Oh yes. I think we’ve seen that alliance beginning to come apart. The Iraqis have a strong sense of their own country, whether they’re Sunnis, Shiites, or even Kurds. You have to remember—and this again goes back five thousand years, however long you want to go back to the Mesopotamian culture—they are a proud people, and they don’t like foreigners coming in and mucking about in their country. The Shiites I often found to be very unhappy with Iranian meddling in the South. So it doesn’t surprise me that there’s a split out there, particularly in western Iraq where these foreign terrorists are operating, and I think it’s an encouraging sign to see them killing each other. I prefer dead terrorists to live terrorists in every circumstance.
Well, you certainly had enough experience with terrorism. How many years have you been involved in dealing with terrorism?
Well, it’s more than twenty years, now.
Is that when you first took on that job at the State Department?
Twenty years ago now [I was appointed ambassador-at-large for counterterrorism under Ronald Reagan], but I actually was involved in some ways when I was ambassador to the Netherlands, because there I had twenty-four-hour protection from police against terrorism. So it’s been a long time.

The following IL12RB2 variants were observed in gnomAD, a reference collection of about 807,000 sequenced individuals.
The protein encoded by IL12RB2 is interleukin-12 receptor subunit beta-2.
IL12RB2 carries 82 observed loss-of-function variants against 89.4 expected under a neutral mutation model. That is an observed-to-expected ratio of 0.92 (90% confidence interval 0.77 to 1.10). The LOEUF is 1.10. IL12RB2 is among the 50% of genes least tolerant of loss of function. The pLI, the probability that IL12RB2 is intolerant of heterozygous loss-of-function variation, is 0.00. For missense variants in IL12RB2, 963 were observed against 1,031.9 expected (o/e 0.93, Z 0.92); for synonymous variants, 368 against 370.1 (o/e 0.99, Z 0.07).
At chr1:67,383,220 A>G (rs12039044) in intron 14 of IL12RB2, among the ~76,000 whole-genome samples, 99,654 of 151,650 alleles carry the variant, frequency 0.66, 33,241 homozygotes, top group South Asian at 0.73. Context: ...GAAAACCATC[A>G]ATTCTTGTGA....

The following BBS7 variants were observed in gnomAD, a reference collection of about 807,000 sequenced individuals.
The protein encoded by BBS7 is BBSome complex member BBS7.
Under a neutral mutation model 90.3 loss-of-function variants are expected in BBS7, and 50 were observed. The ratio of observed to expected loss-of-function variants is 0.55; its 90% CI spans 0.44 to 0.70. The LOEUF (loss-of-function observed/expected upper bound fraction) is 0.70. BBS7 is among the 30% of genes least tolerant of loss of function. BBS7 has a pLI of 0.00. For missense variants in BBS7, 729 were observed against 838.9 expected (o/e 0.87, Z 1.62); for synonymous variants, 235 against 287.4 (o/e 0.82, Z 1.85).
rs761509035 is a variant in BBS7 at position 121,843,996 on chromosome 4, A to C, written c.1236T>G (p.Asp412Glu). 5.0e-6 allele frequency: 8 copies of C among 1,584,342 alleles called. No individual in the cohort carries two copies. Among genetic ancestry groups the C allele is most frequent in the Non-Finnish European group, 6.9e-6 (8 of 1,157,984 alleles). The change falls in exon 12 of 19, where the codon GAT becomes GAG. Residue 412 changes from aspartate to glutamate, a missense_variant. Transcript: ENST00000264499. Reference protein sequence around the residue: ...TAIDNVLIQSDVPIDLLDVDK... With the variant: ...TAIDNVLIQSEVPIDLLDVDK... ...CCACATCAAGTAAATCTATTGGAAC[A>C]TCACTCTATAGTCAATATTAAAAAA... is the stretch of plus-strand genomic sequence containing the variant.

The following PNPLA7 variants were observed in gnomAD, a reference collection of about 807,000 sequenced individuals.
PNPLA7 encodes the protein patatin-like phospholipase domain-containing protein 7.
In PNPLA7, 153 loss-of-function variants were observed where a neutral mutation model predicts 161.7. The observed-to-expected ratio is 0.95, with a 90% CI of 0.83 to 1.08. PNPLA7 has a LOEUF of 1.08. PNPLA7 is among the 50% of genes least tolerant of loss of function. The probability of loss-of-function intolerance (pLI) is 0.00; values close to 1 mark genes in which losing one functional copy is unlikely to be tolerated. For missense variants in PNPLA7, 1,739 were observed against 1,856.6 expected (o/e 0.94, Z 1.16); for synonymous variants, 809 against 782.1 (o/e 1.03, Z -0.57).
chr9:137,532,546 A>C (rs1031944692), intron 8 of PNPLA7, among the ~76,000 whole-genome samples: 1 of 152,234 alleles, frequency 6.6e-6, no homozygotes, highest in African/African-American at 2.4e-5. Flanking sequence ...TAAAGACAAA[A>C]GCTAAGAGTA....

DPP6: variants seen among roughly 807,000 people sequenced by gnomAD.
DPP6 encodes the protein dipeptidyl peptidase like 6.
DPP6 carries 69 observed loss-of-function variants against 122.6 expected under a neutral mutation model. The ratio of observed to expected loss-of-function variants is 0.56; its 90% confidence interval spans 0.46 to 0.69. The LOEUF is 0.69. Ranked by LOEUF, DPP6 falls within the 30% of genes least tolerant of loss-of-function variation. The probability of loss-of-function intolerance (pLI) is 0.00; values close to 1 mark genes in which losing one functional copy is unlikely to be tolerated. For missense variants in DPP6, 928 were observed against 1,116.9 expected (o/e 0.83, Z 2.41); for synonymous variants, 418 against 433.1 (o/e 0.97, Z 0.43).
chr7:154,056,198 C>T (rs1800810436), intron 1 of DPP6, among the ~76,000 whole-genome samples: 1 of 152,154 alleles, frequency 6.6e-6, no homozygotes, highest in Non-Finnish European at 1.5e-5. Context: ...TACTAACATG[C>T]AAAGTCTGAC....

Do you think the public here appreciates the threat enough? Some Democrats have been calling for an early withdrawal of troops from Iraq. The president has been very firm on staying the course, and in your last chapter you say an early withdrawal would be very dangerous.
I go at it form the perspective of somebody who has been involved in this for the better part of twenty years now, and I keep pointing out that we are facing a very new terrorist threat. I chaired, as you know, the National Commission on Terrorism, a bipartisan group that reported fifteen months before 9/11 that we faced a new terrorist group, a new terrorist threat—Islamic extremism—that wanted to kill us by the tens of thousands, and that we should expect mass casualty attacks on the American homeland, which unfortunately came true on 9/11.